Social networks shape many aspects of human life, from influencing preferences and labor market outcomes, to facilitating trade and supporting informal markets in developing economies. A number of researchers have studied the relationship between social interactions and health outcomes, with many concluding the positive influence of relationships.
One of the challenges for researchers studying the relationship between social connectedness and public health outcomes is the absence of large-scale, representative data that measure individuals’ social links. We collaborated with Facebook to help overcome this measurement challenge. In particular, we constructed a new Social Connectedness Index that measures the relative strength of Facebook friendship ties between US county pairs.
Given Facebook’s scale, with 2.3 billion active users globally and 242 million active users in the United States and Canada, as well as the relative representativeness of Facebook’s user body, our findings provide the first comprehensive measure of friendship networks at a national level.
In our paper, we explored both the determinants and the effects of social connectedness. For example, Figure 1 shows a heat map depicting the likelihood that a resident of Cook County, IL (largely the city of Chicago), is friends with a resident in all other US counties.
A number of patterns emerge. First, most connections are to geographically close individuals. Second, past migration movements, such as the Great Migration of African Americans from southern states to the North between 1916 and 1970, have lasting effects on today’s social connectedness, as evidenced by the strong links between Cook County and the South. Many other interesting patterns emerge across the United States, linking today’s social networks to past and present migration patterns, and to the social, political, and economic composition of different locations.
While we found that, on average, social connections are primarily local, the geographic concentration of social networks differs substantially across the United States. In some counties, more than 70% of friends live within 50 miles. In others, fewer than 35% of friends live within 50 miles. Figure 2 highlights how the share of friends living within 50 miles varies across the United States.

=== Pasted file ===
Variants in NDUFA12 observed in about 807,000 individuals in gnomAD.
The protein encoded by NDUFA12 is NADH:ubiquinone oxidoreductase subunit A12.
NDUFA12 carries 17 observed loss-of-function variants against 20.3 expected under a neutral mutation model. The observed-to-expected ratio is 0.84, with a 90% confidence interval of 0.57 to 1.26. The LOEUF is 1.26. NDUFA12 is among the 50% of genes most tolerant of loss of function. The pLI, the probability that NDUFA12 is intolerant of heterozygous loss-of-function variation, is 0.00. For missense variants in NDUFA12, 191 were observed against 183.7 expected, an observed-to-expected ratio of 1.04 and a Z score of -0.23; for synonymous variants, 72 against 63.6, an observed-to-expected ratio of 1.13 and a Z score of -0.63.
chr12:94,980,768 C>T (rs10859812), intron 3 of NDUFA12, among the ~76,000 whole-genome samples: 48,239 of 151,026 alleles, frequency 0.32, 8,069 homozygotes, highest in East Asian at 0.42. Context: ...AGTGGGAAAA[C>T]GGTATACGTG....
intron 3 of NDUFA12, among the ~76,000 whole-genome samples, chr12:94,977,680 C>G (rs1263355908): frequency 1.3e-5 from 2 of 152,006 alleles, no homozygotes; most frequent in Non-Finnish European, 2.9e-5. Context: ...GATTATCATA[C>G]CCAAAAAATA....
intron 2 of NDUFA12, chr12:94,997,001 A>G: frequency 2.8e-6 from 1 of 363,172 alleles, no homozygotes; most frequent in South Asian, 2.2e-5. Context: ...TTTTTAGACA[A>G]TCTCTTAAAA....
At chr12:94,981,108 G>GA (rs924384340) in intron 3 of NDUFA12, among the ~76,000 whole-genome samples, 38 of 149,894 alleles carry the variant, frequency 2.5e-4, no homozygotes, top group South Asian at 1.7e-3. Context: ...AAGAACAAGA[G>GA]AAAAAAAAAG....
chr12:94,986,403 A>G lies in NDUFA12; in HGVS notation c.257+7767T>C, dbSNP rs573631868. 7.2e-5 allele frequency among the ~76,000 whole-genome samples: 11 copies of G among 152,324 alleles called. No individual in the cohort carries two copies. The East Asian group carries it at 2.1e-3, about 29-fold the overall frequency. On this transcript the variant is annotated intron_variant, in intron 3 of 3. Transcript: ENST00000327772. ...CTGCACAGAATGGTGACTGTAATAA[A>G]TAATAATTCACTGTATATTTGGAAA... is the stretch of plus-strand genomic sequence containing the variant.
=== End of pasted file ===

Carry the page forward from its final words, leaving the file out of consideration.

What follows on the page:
We find that the geographic concentration of friendship links correlates strongly with a number of important outcomes. Counties with more dispersed friendship networks have populations that are richer and more educated. Interestingly, we also found that the residents of these counties also have longer life expectancies, and lower rates of teen pregnancies.
While these correlations do not necessarily imply a causal relationship between social connectedness and public health outcomes, they do highlight the potential value of using the Social Connectedness Index data to study important research and policy questions. For example, one particularly promising direction for research is to study whether these data can help researchers better predict the spread of contagious diseases.
To facilitate such research efforts, we are eager to share these data with the broader research community. Other researchers interested in working with these data are therefore strongly encouraged to send a one-page research proposal to email@example.com. For an initial exploration of the patterns, please take a look at the recent visualization by the Upshot team at the New York Times. We hope that the broad accessibility of these data will allow researchers across the social and physical sciences to better understand the many dimensions and implications of social connectedness.
Feature image: StationaryTraveller/iStock. Maps from the New York Times, The Upshot, “How Connected Is Your Community to Everywhere Else in America?, by Emily Badger and Quo Trug Bui, September 19, 2018